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In the Stocchi block theme, named after the great Italian composer
Ottavio Stocchi, at least three selfblocks on a flight square lead
to mates which are separated by dual avoidance. This neat example
is enhanced by the clever means by which the key piece is
restricted to one square. The result is a highly unified problem.
Solution: 1.Ba6 threatens 2.Rb5. If b4 was occupied
by a dummy piece which had no other ability than to block White
would have three mates, 2.Sa4, 2.Sd7 and 2.Qc6. Black's three
captures on b4 each contain effects which eliminate two of the
three mates, giving the variations 1...Sdxb4 2.Sa4, 1...Scxb4
2.Sd7 and 1...Rxb4 2.Qc6. Other variations are
1...Kxb4 2.Qc3 and 1...Sd4 2.Rc4. Tries by the key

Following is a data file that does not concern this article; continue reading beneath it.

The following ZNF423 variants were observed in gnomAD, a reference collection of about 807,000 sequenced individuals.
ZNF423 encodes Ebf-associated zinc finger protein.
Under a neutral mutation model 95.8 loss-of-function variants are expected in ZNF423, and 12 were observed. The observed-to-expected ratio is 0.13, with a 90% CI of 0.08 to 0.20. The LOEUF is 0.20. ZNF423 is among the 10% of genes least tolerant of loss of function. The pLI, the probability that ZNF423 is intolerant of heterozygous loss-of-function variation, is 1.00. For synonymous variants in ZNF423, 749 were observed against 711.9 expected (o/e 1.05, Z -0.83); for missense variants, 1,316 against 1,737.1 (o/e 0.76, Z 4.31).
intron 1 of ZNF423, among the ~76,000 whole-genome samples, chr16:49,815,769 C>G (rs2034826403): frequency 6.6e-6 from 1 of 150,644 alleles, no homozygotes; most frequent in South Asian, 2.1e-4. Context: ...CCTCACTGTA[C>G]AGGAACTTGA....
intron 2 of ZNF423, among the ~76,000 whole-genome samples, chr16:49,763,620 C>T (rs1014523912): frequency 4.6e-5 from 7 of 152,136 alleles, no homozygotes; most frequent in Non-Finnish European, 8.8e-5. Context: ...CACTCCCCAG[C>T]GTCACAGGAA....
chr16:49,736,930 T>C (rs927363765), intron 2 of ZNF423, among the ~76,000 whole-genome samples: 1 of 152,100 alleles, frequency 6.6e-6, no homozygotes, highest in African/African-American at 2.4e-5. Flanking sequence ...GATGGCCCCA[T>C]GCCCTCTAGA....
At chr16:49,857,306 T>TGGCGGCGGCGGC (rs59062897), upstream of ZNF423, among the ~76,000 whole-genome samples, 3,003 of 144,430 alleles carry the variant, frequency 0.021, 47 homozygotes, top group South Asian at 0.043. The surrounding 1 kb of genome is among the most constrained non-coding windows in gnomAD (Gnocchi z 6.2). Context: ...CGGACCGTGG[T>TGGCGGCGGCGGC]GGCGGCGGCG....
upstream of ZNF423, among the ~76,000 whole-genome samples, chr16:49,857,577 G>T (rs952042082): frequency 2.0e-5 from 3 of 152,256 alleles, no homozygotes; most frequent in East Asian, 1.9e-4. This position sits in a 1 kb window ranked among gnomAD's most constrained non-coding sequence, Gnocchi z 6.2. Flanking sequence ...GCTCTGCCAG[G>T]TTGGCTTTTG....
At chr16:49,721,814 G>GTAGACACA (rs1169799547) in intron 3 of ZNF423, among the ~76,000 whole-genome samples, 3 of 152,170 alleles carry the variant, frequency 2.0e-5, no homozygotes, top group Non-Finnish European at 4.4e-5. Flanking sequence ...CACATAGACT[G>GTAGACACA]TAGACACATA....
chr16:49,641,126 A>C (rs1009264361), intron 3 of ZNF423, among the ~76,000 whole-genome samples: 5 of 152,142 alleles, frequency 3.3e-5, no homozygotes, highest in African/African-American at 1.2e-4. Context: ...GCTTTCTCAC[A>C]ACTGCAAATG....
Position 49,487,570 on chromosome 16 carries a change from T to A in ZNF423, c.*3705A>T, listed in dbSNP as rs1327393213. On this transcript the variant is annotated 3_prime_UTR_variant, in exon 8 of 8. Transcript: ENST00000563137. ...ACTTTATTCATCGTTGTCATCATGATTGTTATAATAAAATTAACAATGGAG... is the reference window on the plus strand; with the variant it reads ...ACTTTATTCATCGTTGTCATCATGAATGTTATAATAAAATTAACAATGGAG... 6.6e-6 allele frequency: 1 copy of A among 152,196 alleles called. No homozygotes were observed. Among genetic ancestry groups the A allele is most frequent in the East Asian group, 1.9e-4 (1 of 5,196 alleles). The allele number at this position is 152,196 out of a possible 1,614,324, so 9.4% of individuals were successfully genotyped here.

piece fail because they prevent one of the thematic mates - 1.Ba4?
Sdxb4! (2.Sa4?). 1.Bc6? Rxb4! (2.Qc6?) and 1...Bd7? or 1.Be8?
Jacob Hoover: In this problem the b4 rook is threatened by no less than
four Black units: both knights, the rook, and the king. The key 1 Ba6!
threatens 2 Rb5. Now the capture of the rook spells immediate doom for
Black, no matter how it's captured.
Peter Niehoff points out that this combination of Stocchi blocks with
tries defeated by thematic defences has been called the Krim theme.
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